How Music Lovers Can Protect Residual Hearing

How Music Lovers Can Protect Residual Hearing

In Hearing Health by liamthomas1

According to legend Leonard Cohen, “Music is the emotional life of most people.” Whether or not you self-identify as a music lover, it’s difficult to argue with the importance that music plays in the quality of a person’s life. 

For people with progressive hearing loss due to aging or excessive noise exposure, continuing to indulge their love of music without incurring further hearing damage can be a valid concern. But protecting the hearing you have doesn’t mean banishing harmony and song from your life forever. 

What Is Residual Hearing?

When we talk about hearing loss, we often focus on the hearing health that has been lost. However, the hearing ability that remains plays a foundational role in the success of treatments like hearing aids and cochlear implants. This still-functioning hearing is called residual hearing.

It’s also the reason why intervening sooner rather than later can help to improve outcomes because artificially amplified sound (such as with hearing aids) relies on established pathways from the inner ear to the brain’s processing centers. 

How Noise Impacts Hearing Health

In addition to the progressive hearing loss that is caused by the natural aging process, exposure to excessive noise can impart lasting damage on hearing health. Long-term exposure to loud sounds, such as those found at concerts, festivals, and clubs, and even personal listening through headphones or earbuds, can put listeners at risk for noise-induced hearing loss. Music fans can be particularly vulnerable to this type of hearing loss. 

Live music events, such as concerts and festivals, typically involve amplification equipment that produce a high sound pressure level. A prolonged exposure to sound levels that are louder than 85 decibels can cause damage to the sensitive hair cells that are located in the inner ear and are responsible for sending sound signals to the brain. Often, concerts and clubs exceed 85 decibels easily, and can reach as high as 120 decibels.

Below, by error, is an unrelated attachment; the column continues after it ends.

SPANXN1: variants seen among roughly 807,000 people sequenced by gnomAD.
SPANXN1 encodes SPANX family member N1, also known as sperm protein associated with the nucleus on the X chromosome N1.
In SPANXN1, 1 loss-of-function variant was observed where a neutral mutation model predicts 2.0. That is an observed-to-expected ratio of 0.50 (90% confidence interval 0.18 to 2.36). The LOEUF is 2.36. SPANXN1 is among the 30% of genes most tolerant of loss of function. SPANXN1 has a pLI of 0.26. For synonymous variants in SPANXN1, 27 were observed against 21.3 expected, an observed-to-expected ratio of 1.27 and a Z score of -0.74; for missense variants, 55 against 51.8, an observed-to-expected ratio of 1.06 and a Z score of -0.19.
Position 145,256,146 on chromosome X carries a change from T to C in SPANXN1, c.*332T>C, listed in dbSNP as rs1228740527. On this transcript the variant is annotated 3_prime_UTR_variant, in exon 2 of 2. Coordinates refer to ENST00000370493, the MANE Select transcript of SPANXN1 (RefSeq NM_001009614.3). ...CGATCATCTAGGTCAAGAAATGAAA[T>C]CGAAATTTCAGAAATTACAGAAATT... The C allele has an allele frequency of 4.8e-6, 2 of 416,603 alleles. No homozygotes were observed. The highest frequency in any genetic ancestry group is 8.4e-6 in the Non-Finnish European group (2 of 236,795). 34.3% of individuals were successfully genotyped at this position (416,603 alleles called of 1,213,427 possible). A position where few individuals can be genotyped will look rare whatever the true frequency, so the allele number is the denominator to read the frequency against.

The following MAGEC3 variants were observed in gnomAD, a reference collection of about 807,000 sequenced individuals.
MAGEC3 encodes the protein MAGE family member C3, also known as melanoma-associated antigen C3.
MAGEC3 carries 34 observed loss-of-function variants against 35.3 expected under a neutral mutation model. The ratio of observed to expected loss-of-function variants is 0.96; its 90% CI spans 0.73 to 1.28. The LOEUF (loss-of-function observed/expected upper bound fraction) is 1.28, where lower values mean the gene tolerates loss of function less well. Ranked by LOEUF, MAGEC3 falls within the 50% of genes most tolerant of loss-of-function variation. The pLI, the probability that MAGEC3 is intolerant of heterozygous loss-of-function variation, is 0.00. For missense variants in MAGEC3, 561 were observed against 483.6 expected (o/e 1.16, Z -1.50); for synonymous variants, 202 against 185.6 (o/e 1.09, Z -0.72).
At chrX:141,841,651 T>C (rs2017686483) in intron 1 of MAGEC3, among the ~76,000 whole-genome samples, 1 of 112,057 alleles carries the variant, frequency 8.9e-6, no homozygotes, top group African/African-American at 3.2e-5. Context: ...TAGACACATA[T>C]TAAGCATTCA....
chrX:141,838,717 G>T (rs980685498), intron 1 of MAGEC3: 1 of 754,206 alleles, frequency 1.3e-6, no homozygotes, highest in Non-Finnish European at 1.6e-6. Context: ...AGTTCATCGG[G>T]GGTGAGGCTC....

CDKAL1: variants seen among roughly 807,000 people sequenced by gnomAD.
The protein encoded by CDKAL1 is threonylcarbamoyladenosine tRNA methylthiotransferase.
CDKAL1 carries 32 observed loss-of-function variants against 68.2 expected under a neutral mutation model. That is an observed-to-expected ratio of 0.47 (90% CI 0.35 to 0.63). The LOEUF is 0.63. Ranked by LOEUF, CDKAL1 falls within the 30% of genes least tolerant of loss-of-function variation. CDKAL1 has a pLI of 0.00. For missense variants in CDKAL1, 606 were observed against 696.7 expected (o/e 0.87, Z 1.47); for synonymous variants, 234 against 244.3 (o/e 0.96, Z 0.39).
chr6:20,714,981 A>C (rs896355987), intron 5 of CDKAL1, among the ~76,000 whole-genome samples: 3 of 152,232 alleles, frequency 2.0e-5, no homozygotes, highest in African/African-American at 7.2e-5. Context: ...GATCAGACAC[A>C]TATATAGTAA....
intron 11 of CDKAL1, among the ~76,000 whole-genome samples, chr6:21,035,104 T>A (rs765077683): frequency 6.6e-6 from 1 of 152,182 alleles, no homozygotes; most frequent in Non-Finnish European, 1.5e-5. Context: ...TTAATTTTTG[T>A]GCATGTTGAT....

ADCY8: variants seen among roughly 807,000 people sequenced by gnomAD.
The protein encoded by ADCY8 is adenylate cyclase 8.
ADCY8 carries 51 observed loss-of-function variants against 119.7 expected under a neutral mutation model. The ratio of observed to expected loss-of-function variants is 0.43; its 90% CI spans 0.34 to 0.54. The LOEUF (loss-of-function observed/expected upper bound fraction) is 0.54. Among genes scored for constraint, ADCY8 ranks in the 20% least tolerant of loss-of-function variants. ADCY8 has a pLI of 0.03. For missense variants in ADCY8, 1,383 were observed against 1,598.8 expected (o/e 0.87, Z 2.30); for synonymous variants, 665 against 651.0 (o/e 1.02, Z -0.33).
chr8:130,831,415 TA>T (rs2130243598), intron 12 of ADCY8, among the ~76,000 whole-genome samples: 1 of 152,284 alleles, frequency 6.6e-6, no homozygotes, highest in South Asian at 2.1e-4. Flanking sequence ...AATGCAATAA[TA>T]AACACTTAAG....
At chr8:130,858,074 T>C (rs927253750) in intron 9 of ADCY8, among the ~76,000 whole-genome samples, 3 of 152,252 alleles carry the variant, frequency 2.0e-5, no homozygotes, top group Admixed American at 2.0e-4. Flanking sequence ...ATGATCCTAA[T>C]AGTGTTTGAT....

Volume matters when it comes to hearing health. The higher the volume, the shorter the duration we can safely listen. For music lovers, who often attend events like festivals or concerts that run the entire day, that exposure might last for a number of hours. Because the hair cells in the ear do not have time to recuperate from the effects of continuous exposure to loud music over an extended period of time, the risk of hearing impairment is increased.

Be Aware Of Listening Habits

Using ear plugs or other ear protection for periods of time at music festivals and concerts is one way to combat the threat of hearing loss. But what if your earbuds or headphones are themselves the danger? 

A significant number of people who enjoy listening to music do it with the assistance of these devices. If the volume is turned up too high, you may be subjected to potentially hazardous sound that enters your ear canal directly. With maximum volumes easily within the 90-100 decibel range, in-ear headphones can deliver higher sound levels closer to the eardrum, which increases the risk of noise-induced hearing loss.

You can create responsible listening habits in regards to personal devices by pledging to maintain a mid-volume level. Try to stay at the halfway mark with few deviations and never exceed two-thirds of maximum. This can be challenging to music lovers, who may already have loud listening habits entrenched. 

Noise-canceling headphones are a great investment that ensures your music selection isn’t competing with outside noises for your attention, allowing for a lower volume to deliver a mighty impact.

Keep in mind that continuing to enjoy music into old age depends on regulating your personal volumes now and only crank it up for your very favorite songs. 

Have Your Hearing Checked

Be proactive about regular hearing health checks. Between the ages of 18 and 50, people should have their hearing tested every ten years. Those over 50 should have a hearing exam every three years and those older than 65 should have an annual exam. 

If you are concerned about changes in your hearing health or are an avid music listener, then make an appointment today. We can ascertain your current hearing health and develop a reasonable plan to protect your current hearing health today and in the future.